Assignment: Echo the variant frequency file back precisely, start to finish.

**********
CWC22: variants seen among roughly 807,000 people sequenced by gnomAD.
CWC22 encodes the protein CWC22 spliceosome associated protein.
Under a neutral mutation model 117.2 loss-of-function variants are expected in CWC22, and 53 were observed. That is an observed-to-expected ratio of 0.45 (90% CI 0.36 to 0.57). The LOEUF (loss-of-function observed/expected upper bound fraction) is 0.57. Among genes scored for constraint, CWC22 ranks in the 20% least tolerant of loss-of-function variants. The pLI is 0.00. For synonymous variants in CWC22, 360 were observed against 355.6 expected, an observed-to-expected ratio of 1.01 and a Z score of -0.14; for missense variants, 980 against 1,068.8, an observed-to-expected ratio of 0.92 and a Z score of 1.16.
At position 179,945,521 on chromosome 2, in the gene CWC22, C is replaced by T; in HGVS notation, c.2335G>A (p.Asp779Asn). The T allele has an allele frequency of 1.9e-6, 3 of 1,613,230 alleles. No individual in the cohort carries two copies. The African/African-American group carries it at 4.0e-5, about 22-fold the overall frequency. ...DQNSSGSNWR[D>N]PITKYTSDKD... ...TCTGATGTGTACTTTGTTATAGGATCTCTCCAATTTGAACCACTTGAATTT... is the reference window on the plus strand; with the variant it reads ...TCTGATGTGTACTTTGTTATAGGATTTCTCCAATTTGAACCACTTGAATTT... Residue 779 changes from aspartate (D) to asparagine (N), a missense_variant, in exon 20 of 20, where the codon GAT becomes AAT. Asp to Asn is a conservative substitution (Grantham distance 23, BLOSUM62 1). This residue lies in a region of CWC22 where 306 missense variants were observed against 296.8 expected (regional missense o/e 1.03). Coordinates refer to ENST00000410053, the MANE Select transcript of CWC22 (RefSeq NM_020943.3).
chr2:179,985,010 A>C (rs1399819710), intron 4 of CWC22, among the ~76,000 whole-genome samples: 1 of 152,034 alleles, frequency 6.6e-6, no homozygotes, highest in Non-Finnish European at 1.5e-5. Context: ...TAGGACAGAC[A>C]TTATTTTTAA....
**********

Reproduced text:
CWC22: variants seen among roughly 807,000 people sequenced by gnomAD.
CWC22 encodes the protein CWC22 spliceosome associated protein.
Under a neutral mutation model 117.2 loss-of-function variants are expected in CWC22, and 53 were observed. That is an observed-to-expected ratio of 0.45 (90% CI 0.36 to 0.57). The LOEUF (loss-of-function observed/expected upper bound fraction) is 0.57. Among genes scored for constraint, CWC22 ranks in the 20% least tolerant of loss-of-function variants. The pLI is 0.00. For synonymous variants in CWC22, 360 were observed against 355.6 expected, an observed-to-expected ratio of 1.01 and a Z score of -0.14; for missense variants, 980 against 1,068.8, an observed-to-expected ratio of 0.92 and a Z score of 1.16.
At position 179,945,521 on chromosome 2, in the gene CWC22, C is replaced by T; in HGVS notation, c.2335G>A (p.Asp779Asn). The T allele has an allele frequency of 1.9e-6, 3 of 1,613,230 alleles. No individual in the cohort carries two copies. The African/African-American group carries it at 4.0e-5, about 22-fold the overall frequency. ...DQNSSGSNWR[D>N]PITKYTSDKD... ...TCTGATGTGTACTTTGTTATAGGATCTCTCCAATTTGAACCACTTGAATTT... is the reference window on the plus strand; with the variant it reads ...TCTGATGTGTACTTTGTTATAGGATTTCTCCAATTTGAACCACTTGAATTT... Residue 779 changes from aspartate (D) to asparagine (N), a missense_variant, in exon 20 of 20, where the codon GAT becomes AAT. Asp to Asn is a conservative substitution (Grantham distance 23, BLOSUM62 1). This residue lies in a region of CWC22 where 306 missense variants were observed against 296.8 expected (regional missense o/e 1.03). Coordinates refer to ENST00000410053, the MANE Select transcript of CWC22 (RefSeq NM_020943.3).
chr2:179,985,010 A>C (rs1399819710), intron 4 of CWC22, among the ~76,000 whole-genome samples: 1 of 152,034 alleles, frequency 6.6e-6, no homozygotes, highest in Non-Finnish European at 1.5e-5. Context: ...TAGGACAGAC[A>C]TTATTTTTAA....